The Brasil 2014 Collection by Wong Wong x Aloye

Only 8 countries have ever won the World Cup, a tournament that is about to turn 85 years old. Argentina, Brazil, England, France, Germany, Italy, Spain, and Uruguay. 

To celebrate the champions, Aloye and Wong Wong have teamed up to create a series of kits for this summer’s upcoming World Cup. In addition to the 8 champions, homes of Aloye (Japan) and Wong Wong (United States) are represented in the lineup. If a nation has hoisted the cup, their shirt features chest pockets with stars embroidered above them, signifying the number of titles each respective country has won. Check out the full collection here.

The Chosen Few x Ahmed Mounir

Football fans are known for the seemingly religious devotion with which they support their teams, but a recent a recent project by Egyptian graphic designer Ahmed Mounir takes that notion and runs with it. Selecting a number of the most prominent modern footballers, Mounir depicts them in a way that evokes classic religious symbolism, recalling the way in which Saints are often illustrated and revered. The collection is gorgeous, and was created in anticipation of next year’s Football Film Festival in Paris. Check out the rest of Ahmed’s work here[Posted by Maxi

A Monument to Losing: The Importance of World Cup Heartbreak

By Zack Goldman

No feeling is more coveted in football than World Cup triumph.

But, is there any one more fascinating—or important—as World Cup heartbreak? 

In any tournament, it’s only natural that the language and tone that we use to discuss the event is elevated and inflated.  This is especially true during the World Cup.  No matter how banal any loss may appear—it’s not just a loss.  It’s billed as a death.

It’s that moment when hearts, full of hope, founder—going down with the wreckage of a cup dream sailing smoothly only breaths earlier.  The moment when thoughts of “oh?” turn to “oh no” and then, emptily, just to “oh.”

That’s not to say achievements in the World Cup are only measured by winning the whole thing—or even winning games at all—but it is to say that there is something deeply sonorous and bleak that comes with being knocked out.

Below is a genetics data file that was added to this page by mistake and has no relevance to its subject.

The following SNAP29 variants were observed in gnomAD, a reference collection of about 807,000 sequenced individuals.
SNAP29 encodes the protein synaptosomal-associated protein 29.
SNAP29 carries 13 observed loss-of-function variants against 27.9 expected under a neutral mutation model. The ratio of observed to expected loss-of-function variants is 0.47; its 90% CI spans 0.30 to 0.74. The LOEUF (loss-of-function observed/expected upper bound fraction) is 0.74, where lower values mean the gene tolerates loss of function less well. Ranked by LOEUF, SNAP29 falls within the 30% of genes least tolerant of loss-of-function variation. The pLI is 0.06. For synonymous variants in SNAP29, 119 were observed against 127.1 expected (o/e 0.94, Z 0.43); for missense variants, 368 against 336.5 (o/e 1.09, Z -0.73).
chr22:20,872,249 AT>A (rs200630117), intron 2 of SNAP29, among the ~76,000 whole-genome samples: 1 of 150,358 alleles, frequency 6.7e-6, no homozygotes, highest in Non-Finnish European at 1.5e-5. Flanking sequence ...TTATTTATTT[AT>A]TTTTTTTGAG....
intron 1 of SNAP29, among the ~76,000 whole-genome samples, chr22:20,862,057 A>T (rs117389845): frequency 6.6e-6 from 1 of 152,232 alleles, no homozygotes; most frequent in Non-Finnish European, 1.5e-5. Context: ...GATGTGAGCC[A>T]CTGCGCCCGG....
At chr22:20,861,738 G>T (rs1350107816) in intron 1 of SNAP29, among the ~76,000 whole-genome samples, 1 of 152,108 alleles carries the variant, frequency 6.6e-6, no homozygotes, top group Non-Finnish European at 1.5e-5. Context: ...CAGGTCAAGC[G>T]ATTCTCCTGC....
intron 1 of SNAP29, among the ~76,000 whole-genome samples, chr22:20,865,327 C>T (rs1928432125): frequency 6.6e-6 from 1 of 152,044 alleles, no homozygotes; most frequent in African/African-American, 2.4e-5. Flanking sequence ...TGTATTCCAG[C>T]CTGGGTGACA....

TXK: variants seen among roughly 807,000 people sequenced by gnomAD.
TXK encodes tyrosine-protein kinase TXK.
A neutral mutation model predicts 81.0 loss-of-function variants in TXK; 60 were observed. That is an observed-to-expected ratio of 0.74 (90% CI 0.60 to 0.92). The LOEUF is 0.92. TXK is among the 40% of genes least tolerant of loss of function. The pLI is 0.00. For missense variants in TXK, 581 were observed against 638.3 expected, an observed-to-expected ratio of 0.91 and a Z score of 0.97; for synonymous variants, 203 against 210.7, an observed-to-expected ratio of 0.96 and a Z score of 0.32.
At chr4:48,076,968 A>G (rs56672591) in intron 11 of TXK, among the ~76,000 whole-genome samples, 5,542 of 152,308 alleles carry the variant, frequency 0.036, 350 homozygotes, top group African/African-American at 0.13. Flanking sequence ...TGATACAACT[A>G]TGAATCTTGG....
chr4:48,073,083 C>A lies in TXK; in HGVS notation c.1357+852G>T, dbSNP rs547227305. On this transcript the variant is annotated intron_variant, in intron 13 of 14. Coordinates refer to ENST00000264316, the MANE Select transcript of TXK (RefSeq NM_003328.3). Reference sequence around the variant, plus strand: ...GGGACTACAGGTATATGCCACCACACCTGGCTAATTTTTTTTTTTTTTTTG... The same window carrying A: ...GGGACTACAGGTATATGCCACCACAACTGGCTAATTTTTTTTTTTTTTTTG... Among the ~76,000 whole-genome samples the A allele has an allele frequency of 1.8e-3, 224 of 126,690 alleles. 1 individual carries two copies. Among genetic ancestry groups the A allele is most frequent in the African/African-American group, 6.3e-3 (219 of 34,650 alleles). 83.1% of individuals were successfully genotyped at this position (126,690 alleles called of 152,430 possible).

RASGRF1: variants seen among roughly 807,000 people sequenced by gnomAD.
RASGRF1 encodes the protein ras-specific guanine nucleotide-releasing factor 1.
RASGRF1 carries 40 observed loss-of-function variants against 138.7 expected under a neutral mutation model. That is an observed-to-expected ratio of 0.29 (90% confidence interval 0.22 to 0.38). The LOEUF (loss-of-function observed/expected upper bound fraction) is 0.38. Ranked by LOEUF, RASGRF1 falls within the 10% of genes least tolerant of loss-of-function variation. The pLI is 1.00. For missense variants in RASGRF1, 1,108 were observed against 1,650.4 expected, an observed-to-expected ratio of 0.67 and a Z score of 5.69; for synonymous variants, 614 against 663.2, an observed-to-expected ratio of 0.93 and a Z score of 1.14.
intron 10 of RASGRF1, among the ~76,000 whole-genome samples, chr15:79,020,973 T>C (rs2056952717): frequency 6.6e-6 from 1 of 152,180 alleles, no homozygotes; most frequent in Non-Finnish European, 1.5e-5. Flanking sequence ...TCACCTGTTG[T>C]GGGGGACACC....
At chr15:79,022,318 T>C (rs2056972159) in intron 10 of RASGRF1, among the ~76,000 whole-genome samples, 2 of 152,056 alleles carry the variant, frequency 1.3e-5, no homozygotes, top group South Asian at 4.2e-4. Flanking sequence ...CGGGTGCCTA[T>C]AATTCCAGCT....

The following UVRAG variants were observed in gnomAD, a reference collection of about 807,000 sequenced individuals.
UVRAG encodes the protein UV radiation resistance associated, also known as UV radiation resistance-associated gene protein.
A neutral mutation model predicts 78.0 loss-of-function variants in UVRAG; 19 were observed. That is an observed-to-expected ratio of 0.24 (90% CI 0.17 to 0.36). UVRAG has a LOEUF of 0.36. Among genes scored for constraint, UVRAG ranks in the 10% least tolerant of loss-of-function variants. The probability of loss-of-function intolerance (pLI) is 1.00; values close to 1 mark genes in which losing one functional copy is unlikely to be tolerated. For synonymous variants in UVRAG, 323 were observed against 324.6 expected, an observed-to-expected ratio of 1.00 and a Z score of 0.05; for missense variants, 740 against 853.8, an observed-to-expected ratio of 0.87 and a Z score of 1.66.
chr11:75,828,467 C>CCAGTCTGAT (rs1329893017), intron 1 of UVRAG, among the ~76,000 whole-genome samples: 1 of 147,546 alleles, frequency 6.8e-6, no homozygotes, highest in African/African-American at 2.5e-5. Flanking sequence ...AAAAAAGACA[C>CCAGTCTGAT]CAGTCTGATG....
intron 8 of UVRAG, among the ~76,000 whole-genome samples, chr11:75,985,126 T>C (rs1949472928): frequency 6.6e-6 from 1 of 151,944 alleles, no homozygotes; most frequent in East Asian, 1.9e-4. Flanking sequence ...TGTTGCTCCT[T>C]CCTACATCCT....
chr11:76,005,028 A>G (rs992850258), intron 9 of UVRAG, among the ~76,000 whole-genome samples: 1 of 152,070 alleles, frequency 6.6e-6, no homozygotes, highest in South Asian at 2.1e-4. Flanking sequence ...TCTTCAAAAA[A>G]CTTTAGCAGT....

Yet, if one of football—and, indeed, sport’s—truest beauties is that it provides a vehicle for sharing the power of an emotion with others, then the importance of losing is the essence of that virtue more than victory.

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A Footballer’s Essentials
Gerrard can’t leave the dressing room without his armband. Zizou hit the pitch in his iconic golden boots. With a minimalist approach, illustrator TheLimeBath captures the essentials that the world’s best footballers need to control the game.
Find more of The Lime Bath’s work here. Posted by Eric.

A Footballer’s Essentials

Gerrard can’t leave the dressing room without his armband. Zizou hit the pitch in his iconic golden boots. With a minimalist approach, illustrator TheLimeBath captures the essentials that the world’s best footballers need to control the game.

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Reimagining the World Cup, by James Taylor

The World Cup is quickly approaching, with kick-off in Rio de Janerio less than one hundred days away. That said, there’s still plenty of time to remember and admire the past. In a poster series commemorating previous World Cups, Manhattan-based graphic designer, James Taylor, reimagined posters for each tournament, using era-specific design principles to illustrate the unique style of each World Cup. You can find the whole collection on Pennarello Design[Posted by Maxi